Drill 1: Red Light, Green Light

Everyone takes a ball into the circle. Coach says “Green Light” and the players must dribble the ball around, staying inside the circle. This makes them change direction frequently. Coach says “Red Light” and each player must stop with a foot on the ball.


The kids enjoy the sudden instructions, and learn to keep the ball close to them. Once they have stopped with a foot on the ball, have them roll the ball back and forth with the sole of the foot, then side to side and around in circles – then repeat with the other foot.


Drill 2: Ball Tag

Every player has a ball, and must dribble around inside the circle. One player is “it”. Make sure all the players know who it is! All the other players try to hit that player’s ball with their own ball. If they do, then they become “it”. The coach calls out who is “it”, and can make sure that everyone gets a turn (if one player is it for too long, just announce another name). A variation on this is for the coach to be the target rather than a ball.


Drill 3: Dribble and Shoot

This is simply to prepare for the game. Each player takes a turn at dribbling the ball the length of the field and into the goal. Discourage a long shot with the toe, and have them tap the inside of the foot, so they feel where the ball should touch the foot. This drill gives them the confidence that they can do it during the game, so make sure they eventually get the ball into the goal, even if it takes several tries.


U-4 Games

Games are played 3 v 3. There are no goalkeepers. Begin by making sure the players know who their teammates are, and which direction they are trying to go. Roll the ball into the middle and play begins. If the ball goes out of bounds, an adult (parent or coach) rolls it back onto the field and play continues. Other soccer rules are loosely applied, with the aim being to keep the kids playing rather than enforcing rules that they do not understand. The games consist of four 5-minute quarters. Score is not kept in these games – remember, the only purpose is to have fun.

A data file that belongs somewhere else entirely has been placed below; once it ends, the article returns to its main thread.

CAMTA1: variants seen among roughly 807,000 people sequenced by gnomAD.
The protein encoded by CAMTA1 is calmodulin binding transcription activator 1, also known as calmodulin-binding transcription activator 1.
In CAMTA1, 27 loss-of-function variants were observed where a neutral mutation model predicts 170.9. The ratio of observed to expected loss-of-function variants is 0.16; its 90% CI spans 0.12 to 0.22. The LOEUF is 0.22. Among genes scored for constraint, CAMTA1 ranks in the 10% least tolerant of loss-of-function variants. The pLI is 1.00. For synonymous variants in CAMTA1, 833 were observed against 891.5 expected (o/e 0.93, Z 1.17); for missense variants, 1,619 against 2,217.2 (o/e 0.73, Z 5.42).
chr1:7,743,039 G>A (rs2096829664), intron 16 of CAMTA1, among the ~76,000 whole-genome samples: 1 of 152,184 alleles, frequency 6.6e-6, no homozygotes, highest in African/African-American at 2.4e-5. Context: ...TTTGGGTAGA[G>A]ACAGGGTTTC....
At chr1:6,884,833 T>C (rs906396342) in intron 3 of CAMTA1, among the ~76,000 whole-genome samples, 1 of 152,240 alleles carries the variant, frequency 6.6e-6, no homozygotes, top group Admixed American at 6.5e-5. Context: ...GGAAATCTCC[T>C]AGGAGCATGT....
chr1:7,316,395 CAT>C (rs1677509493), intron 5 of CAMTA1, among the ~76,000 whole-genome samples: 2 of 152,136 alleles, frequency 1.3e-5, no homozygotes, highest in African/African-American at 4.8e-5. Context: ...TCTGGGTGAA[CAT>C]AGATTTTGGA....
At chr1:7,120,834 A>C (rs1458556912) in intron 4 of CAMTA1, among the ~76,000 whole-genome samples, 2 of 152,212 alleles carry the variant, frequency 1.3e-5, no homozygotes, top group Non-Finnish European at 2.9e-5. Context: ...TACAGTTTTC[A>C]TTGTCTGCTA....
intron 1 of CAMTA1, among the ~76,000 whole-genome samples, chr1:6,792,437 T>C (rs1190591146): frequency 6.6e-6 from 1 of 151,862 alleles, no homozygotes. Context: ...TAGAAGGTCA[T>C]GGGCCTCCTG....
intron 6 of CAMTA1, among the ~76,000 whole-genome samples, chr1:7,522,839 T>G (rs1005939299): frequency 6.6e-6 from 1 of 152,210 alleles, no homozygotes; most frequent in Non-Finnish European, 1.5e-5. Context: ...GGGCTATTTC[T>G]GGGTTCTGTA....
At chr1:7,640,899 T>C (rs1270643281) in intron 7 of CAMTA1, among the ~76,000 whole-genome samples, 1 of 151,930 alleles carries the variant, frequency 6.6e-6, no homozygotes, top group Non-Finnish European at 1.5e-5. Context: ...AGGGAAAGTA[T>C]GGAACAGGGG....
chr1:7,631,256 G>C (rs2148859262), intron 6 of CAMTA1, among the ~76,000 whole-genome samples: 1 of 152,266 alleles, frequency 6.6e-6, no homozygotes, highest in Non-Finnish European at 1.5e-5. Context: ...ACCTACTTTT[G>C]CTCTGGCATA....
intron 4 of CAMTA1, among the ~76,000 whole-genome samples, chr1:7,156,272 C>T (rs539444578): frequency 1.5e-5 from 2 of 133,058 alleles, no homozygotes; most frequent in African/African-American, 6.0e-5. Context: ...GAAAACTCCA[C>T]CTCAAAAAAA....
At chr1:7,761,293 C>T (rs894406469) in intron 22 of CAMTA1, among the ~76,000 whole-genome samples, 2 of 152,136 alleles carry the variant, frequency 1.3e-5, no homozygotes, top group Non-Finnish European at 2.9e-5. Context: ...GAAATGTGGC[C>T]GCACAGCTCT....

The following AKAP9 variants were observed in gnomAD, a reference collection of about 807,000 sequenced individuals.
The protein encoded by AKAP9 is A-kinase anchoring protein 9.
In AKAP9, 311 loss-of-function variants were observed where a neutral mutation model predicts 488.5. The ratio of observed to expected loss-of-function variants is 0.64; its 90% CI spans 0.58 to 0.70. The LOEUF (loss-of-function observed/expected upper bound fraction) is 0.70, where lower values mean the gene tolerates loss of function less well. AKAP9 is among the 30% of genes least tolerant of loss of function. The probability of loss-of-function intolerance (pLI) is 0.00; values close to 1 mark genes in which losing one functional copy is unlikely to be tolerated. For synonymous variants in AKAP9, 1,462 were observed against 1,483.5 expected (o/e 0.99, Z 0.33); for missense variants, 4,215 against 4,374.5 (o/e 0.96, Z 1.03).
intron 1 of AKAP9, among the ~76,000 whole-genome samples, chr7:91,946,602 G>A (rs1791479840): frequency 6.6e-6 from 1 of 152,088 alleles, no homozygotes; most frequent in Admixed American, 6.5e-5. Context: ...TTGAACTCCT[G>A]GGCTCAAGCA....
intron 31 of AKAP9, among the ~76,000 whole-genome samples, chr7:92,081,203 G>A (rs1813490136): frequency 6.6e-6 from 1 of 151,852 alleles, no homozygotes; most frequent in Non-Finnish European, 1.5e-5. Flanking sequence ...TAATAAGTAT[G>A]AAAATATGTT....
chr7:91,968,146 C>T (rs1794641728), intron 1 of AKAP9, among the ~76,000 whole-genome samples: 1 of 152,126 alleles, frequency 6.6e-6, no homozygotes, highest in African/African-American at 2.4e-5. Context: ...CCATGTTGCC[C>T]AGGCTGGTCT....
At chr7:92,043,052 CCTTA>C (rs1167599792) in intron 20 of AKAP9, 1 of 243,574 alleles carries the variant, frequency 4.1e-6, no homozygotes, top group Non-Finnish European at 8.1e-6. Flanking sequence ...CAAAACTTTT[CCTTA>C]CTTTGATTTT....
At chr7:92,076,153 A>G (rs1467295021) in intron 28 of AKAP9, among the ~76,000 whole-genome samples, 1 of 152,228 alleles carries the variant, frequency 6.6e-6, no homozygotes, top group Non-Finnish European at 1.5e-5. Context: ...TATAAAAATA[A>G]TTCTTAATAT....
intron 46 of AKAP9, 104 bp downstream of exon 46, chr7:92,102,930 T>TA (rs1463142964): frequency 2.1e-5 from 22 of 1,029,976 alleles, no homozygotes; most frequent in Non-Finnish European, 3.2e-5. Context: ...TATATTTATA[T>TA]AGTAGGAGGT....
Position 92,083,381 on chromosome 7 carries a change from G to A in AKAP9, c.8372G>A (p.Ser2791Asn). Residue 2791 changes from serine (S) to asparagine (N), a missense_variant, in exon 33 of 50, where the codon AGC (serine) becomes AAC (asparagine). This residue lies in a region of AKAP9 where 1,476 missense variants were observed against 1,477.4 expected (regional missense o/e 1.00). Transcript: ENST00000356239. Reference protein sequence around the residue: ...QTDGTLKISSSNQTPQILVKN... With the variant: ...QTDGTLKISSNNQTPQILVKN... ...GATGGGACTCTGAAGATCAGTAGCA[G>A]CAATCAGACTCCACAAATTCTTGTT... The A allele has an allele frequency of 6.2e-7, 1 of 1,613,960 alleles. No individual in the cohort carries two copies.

One parent coach should be on the field with the players, to encourage and coach both teams. Learn the names of the players and help them to get involved. It’s really not a competition at this age. Keep the game moving, and feel free to throw the ball to a player who is not very active. If every player in the game scores a goal at some point, then everyone will go home happy. Keep track of time and take plenty of breaks, especially on a hot day. There will be times when a player wants a break, or is just not interested in playing. Keep the other players playing and try to get the non-participant back after a minute or two. Important: if the game is a mismatch, then change the teams.


After 45 minutes (including practice time), it is time to wrap up. Try to make sure each child goes home feeling good about the experience. Remember, they are only 3 or 4 and they will not always want to participate fully!